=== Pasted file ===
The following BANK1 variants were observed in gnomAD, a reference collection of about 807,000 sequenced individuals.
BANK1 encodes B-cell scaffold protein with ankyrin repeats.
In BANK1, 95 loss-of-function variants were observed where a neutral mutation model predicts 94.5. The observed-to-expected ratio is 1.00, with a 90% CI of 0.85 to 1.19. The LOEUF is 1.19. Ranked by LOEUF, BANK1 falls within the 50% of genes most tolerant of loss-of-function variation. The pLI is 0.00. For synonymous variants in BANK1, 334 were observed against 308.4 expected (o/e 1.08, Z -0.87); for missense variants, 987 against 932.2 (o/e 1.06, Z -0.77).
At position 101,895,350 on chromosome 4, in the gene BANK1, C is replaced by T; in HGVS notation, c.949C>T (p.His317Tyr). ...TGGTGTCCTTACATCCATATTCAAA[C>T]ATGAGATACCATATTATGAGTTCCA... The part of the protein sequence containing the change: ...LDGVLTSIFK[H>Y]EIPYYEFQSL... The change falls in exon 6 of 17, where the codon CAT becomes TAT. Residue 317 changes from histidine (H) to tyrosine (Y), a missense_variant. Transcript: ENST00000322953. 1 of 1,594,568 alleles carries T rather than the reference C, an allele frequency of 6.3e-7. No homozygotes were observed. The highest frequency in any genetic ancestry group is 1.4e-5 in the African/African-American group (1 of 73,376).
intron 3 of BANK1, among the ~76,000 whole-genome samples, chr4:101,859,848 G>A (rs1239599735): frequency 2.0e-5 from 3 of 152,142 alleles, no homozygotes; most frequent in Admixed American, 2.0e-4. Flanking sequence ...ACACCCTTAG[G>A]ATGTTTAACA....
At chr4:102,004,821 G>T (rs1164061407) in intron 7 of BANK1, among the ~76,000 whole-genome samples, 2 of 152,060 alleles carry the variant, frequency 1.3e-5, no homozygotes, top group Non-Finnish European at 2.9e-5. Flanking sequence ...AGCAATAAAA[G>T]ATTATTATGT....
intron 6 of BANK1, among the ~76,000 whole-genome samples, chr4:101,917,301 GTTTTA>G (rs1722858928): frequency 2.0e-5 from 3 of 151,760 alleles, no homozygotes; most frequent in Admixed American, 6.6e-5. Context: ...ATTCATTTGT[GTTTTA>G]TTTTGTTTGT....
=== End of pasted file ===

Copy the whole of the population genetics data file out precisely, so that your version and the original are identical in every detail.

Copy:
The following BANK1 variants were observed in gnomAD, a reference collection of about 807,000 sequenced individuals.
BANK1 encodes B-cell scaffold protein with ankyrin repeats.
In BANK1, 95 loss-of-function variants were observed where a neutral mutation model predicts 94.5. The observed-to-expected ratio is 1.00, with a 90% CI of 0.85 to 1.19. The LOEUF is 1.19. Ranked by LOEUF, BANK1 falls within the 50% of genes most tolerant of loss-of-function variation. The pLI is 0.00. For synonymous variants in BANK1, 334 were observed against 308.4 expected (o/e 1.08, Z -0.87); for missense variants, 987 against 932.2 (o/e 1.06, Z -0.77).
At position 101,895,350 on chromosome 4, in the gene BANK1, C is replaced by T; in HGVS notation, c.949C>T (p.His317Tyr). ...TGGTGTCCTTACATCCATATTCAAA[C>T]ATGAGATACCATATTATGAGTTCCA... The part of the protein sequence containing the change: ...LDGVLTSIFK[H>Y]EIPYYEFQSL... The change falls in exon 6 of 17, where the codon CAT becomes TAT. Residue 317 changes from histidine (H) to tyrosine (Y), a missense_variant. Transcript: ENST00000322953. 1 of 1,594,568 alleles carries T rather than the reference C, an allele frequency of 6.3e-7. No homozygotes were observed. The highest frequency in any genetic ancestry group is 1.4e-5 in the African/African-American group (1 of 73,376).
intron 3 of BANK1, among the ~76,000 whole-genome samples, chr4:101,859,848 G>A (rs1239599735): frequency 2.0e-5 from 3 of 152,142 alleles, no homozygotes; most frequent in Admixed American, 2.0e-4. Flanking sequence ...ACACCCTTAG[G>A]ATGTTTAACA....
At chr4:102,004,821 G>T (rs1164061407) in intron 7 of BANK1, among the ~76,000 whole-genome samples, 2 of 152,060 alleles carry the variant, frequency 1.3e-5, no homozygotes, top group Non-Finnish European at 2.9e-5. Flanking sequence ...AGCAATAAAA[G>T]ATTATTATGT....
intron 6 of BANK1, among the ~76,000 whole-genome samples, chr4:101,917,301 GTTTTA>G (rs1722858928): frequency 2.0e-5 from 3 of 151,760 alleles, no homozygotes; most frequent in Admixed American, 6.6e-5. Context: ...ATTCATTTGT[GTTTTA>G]TTTTGTTTGT....